Analog line Represents the client-side interface, such as FXS; or switch-side interface, such as FXO; to the traditional telephony network. An analog line endpoint supports more than one connection.
Announcement server access point Represents access to an announcement server (for example, to play recorded messages). An announcement server endpoint might have only one connection. Multiple users of the announcement server are modeled to use different logical endpoints.
Interactive voice response (IVR) access point Represents access to an IVR service. An IVR endpoint has one connection. Multiple users of the IVR system use different logical endpoints.
Conference bridge access point Represents access to a specific conference. Each conference is modeled as a distinct endpoint. A conference bridge endpoint supports more than one connection.
Packet relay Represents access that bridges two connections for interconnecting incompatible gateways or relaying them through a firewall environment. A packet relay endpoint has two connections.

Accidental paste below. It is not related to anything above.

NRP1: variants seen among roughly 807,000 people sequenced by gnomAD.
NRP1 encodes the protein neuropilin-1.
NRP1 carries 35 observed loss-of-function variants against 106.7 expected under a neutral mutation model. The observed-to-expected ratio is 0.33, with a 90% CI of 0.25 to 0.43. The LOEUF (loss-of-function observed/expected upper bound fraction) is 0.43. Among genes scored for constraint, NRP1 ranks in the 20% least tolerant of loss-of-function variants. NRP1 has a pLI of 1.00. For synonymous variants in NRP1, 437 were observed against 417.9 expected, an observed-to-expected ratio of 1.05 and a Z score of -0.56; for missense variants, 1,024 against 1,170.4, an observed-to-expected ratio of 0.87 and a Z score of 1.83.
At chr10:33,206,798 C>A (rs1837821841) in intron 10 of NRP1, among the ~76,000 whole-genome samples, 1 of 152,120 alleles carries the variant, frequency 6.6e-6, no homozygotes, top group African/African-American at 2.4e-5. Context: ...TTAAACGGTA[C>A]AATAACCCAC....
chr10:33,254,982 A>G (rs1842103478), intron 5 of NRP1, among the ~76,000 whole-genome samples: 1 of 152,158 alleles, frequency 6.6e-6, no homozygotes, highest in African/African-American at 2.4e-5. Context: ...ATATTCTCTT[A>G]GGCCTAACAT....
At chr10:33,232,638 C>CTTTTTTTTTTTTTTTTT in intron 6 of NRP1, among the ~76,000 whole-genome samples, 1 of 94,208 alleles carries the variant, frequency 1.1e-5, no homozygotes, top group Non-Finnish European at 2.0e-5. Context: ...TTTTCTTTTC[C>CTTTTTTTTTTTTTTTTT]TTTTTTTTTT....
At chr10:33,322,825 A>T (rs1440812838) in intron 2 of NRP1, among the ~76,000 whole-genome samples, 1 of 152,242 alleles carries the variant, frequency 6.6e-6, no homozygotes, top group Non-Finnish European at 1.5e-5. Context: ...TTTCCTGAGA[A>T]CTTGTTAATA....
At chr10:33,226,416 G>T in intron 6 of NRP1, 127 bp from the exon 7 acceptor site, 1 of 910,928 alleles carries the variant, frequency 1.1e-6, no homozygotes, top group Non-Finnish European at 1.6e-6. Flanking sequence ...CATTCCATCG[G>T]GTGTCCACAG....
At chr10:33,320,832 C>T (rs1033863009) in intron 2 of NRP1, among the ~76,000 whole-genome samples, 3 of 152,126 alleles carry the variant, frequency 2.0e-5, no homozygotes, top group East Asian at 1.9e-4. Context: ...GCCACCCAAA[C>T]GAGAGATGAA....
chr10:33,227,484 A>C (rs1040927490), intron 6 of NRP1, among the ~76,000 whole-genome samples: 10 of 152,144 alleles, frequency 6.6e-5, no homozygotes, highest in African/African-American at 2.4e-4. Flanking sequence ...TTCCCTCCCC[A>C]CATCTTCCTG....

Wiretap access point Represents access for recording or playing back a connection. A wiretap access point endpoint has one connection.
ATM trunk side interface Represents a single instance of an audio channel in the context of an ATM network. An ATM interface supports more than one connection.
When interacting with a gateway, the call agent directs its commands to the gateway for the express purpose of managing an endpoint or a group of endpoints. An endpoint identifier, as its name suggests, provides a name for an endpoint.
Endpoint identifiers consist of two parts: a local name of the endpoint in the context of the gateway and the domain name of the gateway itself. The two parts are separated by an at sign (@). If the local part represents a hierarchy, the subparts of the hierarchy are separated by a slash. In Figure, the local ID might be representative of a particular gateway/circuit #, and the circuit # might in turn be representative of a circuit ID/channel #. In Figure, mgcp.gateway.cisco.com is the domain name, and t1toSJ/17 refers to channel 17 in the T1 to San Jose.
MGCP Endpoint Identifier
Gateways are clustering points for endpoints. These gateways handle the translation of audio between the SCN and the packet network.
Although gateways are implemented in real systems, from a modeling point of view, gateways are logical components. In this context, gateways represent a clustering of a single type and profile of endpoints.
A gateway interacts with one call agent only. Therefore, a gateway associates with one call agent at a time.
RFC 2705 identifies the following seven types of gateways: